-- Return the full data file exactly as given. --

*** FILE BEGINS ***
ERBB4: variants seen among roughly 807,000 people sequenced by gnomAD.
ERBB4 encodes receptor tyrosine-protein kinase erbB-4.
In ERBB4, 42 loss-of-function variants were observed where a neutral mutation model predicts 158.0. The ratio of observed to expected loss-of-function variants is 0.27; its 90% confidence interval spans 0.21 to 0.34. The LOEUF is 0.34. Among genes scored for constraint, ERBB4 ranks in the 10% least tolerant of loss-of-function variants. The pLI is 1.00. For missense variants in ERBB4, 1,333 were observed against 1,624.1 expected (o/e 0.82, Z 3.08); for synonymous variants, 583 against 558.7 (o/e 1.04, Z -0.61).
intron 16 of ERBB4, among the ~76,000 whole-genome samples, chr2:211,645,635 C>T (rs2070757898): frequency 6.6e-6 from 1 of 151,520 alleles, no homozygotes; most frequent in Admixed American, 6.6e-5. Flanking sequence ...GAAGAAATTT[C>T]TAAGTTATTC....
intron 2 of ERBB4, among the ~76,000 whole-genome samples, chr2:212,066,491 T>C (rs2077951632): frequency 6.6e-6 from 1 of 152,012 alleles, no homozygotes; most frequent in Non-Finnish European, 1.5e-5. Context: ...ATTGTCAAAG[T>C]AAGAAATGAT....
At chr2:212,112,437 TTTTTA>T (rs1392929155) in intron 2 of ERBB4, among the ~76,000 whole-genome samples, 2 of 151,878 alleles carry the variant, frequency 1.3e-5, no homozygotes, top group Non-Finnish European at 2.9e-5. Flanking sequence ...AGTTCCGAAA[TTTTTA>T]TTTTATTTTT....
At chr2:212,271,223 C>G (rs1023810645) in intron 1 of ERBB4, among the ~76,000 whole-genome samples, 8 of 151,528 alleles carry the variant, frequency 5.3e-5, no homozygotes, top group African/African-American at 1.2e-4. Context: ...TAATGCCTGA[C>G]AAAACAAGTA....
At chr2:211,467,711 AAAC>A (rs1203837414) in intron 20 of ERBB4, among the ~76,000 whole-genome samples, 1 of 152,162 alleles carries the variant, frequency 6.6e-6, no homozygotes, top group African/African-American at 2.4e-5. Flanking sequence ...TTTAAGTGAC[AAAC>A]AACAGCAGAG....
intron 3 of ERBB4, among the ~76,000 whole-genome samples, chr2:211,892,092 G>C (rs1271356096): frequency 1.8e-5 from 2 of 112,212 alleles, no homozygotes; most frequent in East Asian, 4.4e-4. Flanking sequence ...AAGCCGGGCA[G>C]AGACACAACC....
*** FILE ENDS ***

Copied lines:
ERBB4: variants seen among roughly 807,000 people sequenced by gnomAD.
ERBB4 encodes receptor tyrosine-protein kinase erbB-4.
In ERBB4, 42 loss-of-function variants were observed where a neutral mutation model predicts 158.0. The ratio of observed to expected loss-of-function variants is 0.27; its 90% confidence interval spans 0.21 to 0.34. The LOEUF is 0.34. Among genes scored for constraint, ERBB4 ranks in the 10% least tolerant of loss-of-function variants. The pLI is 1.00. For missense variants in ERBB4, 1,333 were observed against 1,624.1 expected (o/e 0.82, Z 3.08); for synonymous variants, 583 against 558.7 (o/e 1.04, Z -0.61).
intron 16 of ERBB4, among the ~76,000 whole-genome samples, chr2:211,645,635 C>T (rs2070757898): frequency 6.6e-6 from 1 of 151,520 alleles, no homozygotes; most frequent in Admixed American, 6.6e-5. Flanking sequence ...GAAGAAATTT[C>T]TAAGTTATTC....
intron 2 of ERBB4, among the ~76,000 whole-genome samples, chr2:212,066,491 T>C (rs2077951632): frequency 6.6e-6 from 1 of 152,012 alleles, no homozygotes; most frequent in Non-Finnish European, 1.5e-5. Context: ...ATTGTCAAAG[T>C]AAGAAATGAT....
At chr2:212,112,437 TTTTTA>T (rs1392929155) in intron 2 of ERBB4, among the ~76,000 whole-genome samples, 2 of 151,878 alleles carry the variant, frequency 1.3e-5, no homozygotes, top group Non-Finnish European at 2.9e-5. Flanking sequence ...AGTTCCGAAA[TTTTTA>T]TTTTATTTTT....
At chr2:212,271,223 C>G (rs1023810645) in intron 1 of ERBB4, among the ~76,000 whole-genome samples, 8 of 151,528 alleles carry the variant, frequency 5.3e-5, no homozygotes, top group African/African-American at 1.2e-4. Context: ...TAATGCCTGA[C>G]AAAACAAGTA....
At chr2:211,467,711 AAAC>A (rs1203837414) in intron 20 of ERBB4, among the ~76,000 whole-genome samples, 1 of 152,162 alleles carries the variant, frequency 6.6e-6, no homozygotes, top group African/African-American at 2.4e-5. Flanking sequence ...TTTAAGTGAC[AAAC>A]AACAGCAGAG....
intron 3 of ERBB4, among the ~76,000 whole-genome samples, chr2:211,892,092 G>C (rs1271356096): frequency 1.8e-5 from 2 of 112,212 alleles, no homozygotes; most frequent in East Asian, 4.4e-4. Flanking sequence ...AAGCCGGGCA[G>C]AGACACAACC....